A ‘Virtual Ward’ approach to supporting vulnerable and at-risk groups in the community

Sharon Morgan, Associate Director of Nursing, Community Services, County Durham and Darlington NHS Foundation Trust

Background to learning

During the COVID-19 pandemic, adapting the ways which nursing staff support people in their own homes has been vital in continuing to provide high quality care, good patient experience and minimising transmission of COVID-19. Within County Durham and Darlington NHS Foundation Trust (now part of the North East and North Cumbria integrated care system) they established ‘Virtual Wards’ to do just that.  A ‘Virtual Ward’ offered a systematic approach to providing enhanced support using local intelligence, for vulnerable people in the community especially those with the most complex medical and social needs.

This case study explores how nursing colleagues at the Trust and in the care home worked together to provide enhanced monitoring support using a ‘Virtual Ward’ model.

Learning and advice to be shared

Virtual Wards offer ‘wrap-around’ support to people in their homes ensuring they can receive care that meets their needs in a timely fashion with the aim of reducing the need for avoidable hospital admission. Working collaboratively, people can either be added to the ‘Virtual Ward’ list as they leave hospital to return home or can be added by partner professionals from across the multi-professional team when they are identified as requiring additional support. The supporting clinicians have a daily-updated list of those on the ‘Virtual Ward’. District Nursing colleagues review regularly to ensure individuals’ health and wellbeing is supported through a range of interventions and support offers as required. These include:

  • Review of a person’s ‘Plan of Care’ to ensure this continues to meet the person’s individual needs and adapting this where appropriate
  • Ensuring appropriate referrals have been made and specialist input is available. For example a consultant follow-up post discharge or from District Nursing teams in the community
  • Review of the person’s emergency health care plans and/or longer term wishes such as lasting powers of attorney or if appropriate DNACPR’s

This new way of working has strengthened partnerships between nursing and social care teams across the locality by:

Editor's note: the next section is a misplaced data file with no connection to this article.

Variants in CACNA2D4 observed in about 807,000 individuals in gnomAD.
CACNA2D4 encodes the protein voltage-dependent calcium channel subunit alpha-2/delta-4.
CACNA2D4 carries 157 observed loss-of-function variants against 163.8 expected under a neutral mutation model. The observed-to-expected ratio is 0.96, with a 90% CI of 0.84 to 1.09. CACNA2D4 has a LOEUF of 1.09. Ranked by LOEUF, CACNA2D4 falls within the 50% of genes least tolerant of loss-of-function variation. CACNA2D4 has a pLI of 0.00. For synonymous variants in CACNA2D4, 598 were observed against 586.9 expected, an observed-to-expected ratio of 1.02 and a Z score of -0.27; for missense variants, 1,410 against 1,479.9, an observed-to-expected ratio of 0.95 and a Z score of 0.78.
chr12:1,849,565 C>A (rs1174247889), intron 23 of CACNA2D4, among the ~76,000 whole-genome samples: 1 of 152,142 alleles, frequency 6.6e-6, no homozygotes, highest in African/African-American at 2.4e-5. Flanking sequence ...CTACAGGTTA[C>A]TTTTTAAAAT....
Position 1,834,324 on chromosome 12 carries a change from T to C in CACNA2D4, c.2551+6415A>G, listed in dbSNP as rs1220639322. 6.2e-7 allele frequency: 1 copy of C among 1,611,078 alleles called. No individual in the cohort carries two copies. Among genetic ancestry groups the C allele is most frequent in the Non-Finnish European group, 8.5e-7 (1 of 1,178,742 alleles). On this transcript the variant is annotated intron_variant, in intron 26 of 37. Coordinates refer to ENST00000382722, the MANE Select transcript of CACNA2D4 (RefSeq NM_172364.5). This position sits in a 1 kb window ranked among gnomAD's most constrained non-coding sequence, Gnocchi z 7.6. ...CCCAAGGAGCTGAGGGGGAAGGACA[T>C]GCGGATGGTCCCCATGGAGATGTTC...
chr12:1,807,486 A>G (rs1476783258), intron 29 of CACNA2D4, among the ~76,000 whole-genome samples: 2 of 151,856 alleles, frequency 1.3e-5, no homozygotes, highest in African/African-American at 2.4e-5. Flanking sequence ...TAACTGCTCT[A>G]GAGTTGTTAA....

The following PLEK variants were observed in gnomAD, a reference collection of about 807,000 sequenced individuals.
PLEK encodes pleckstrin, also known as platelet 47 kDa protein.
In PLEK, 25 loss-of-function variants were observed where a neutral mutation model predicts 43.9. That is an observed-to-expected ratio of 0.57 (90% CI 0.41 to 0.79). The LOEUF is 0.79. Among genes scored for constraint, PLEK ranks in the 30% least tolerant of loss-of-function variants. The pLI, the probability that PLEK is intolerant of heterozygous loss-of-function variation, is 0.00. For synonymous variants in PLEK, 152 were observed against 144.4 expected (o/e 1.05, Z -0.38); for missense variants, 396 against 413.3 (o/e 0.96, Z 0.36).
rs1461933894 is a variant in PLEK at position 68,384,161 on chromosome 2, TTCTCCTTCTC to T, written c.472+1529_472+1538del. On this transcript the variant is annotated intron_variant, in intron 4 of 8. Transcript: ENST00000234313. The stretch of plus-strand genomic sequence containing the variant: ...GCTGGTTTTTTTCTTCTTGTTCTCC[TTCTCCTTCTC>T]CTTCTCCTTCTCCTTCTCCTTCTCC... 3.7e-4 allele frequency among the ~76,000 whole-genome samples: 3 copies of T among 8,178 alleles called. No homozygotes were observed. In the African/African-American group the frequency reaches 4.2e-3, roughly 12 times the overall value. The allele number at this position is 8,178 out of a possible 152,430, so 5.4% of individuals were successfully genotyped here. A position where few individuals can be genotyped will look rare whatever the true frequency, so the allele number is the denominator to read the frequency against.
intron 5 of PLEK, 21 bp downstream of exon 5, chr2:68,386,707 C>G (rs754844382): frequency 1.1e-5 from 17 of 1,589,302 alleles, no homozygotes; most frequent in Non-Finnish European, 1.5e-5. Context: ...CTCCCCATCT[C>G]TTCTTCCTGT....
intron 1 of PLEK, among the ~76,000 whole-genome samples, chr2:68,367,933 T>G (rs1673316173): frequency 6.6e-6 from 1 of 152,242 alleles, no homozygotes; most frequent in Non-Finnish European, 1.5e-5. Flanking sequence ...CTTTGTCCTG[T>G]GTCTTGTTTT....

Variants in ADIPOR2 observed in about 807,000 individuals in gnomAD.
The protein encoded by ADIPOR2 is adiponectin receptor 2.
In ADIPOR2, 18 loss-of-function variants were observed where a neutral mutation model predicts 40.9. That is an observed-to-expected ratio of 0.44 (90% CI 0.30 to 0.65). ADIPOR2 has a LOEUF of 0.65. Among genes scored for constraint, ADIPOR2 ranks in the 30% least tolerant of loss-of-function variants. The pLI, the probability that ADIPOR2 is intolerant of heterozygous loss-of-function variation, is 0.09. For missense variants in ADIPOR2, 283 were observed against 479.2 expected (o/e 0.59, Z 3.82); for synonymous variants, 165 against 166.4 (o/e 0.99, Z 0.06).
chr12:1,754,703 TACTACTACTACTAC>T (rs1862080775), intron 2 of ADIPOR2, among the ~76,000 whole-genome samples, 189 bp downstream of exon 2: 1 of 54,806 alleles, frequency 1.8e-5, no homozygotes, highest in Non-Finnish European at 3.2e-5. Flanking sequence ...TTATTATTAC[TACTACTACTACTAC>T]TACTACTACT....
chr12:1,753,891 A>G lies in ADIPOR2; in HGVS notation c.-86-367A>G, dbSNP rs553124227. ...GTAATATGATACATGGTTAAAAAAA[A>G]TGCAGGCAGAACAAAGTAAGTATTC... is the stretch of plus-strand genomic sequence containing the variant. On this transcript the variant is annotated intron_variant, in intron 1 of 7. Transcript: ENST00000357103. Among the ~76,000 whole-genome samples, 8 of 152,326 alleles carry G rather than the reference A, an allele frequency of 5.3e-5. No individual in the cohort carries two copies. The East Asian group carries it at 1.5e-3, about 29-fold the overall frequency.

• supporting and facilitating teams across care homes, integrated care partnerships (ICPs), North East and North Cumbria integrated care system (ICS), NHS Trusts and Social Services to work in an integrated way
  • providing district and community nursing on-call contacts to nursing colleagues and carers in the community for real-time advice and support
  • increasing the in-reaching of specialist services and supporting the relevant upskilling of staff in care homes to reduce the number of avoidable admissions to hospital
  • supporting nursing colleagues across hospital and care home sectors during what remains a difficult time
  • developing existing telehealth systems in care homes to include wound care pathways
  • establishing ‘Mutual Aid’ models of support sharing expertise and resources across organisations at the start of pandemic which will continue going forward

The benefits of ‘Virtual Ward’ approaches have been recognised seen during the pandemic as:

  • Helping to keep people in their preferred place of care
  • Facilitating safe and timely discharge
  • Admission avoidance where appropriate
  • Encouraging collaborative and Individualised patient care
  • Improved communication between all services, people and their carers
  • Development of new Mutual Aid Models and supporting Integrated working

Would it be beneficial to retain these changes?

Nursing colleagues and local communities welcomed the use of the ‘Virtual Ward’ approach during the pandemic and plan to continue and expand it for the future. This will support professionals to ensure people who receive care remain at the centre of their care, allowing the most vulnerable to benefit from high quality care at home whilst safely helping to reduce the number of avoidable admissions to hospitals in the long-term.

For any further detail on this case study or to connect with Sharon, please contact: england.1professionalvoice@nhs.net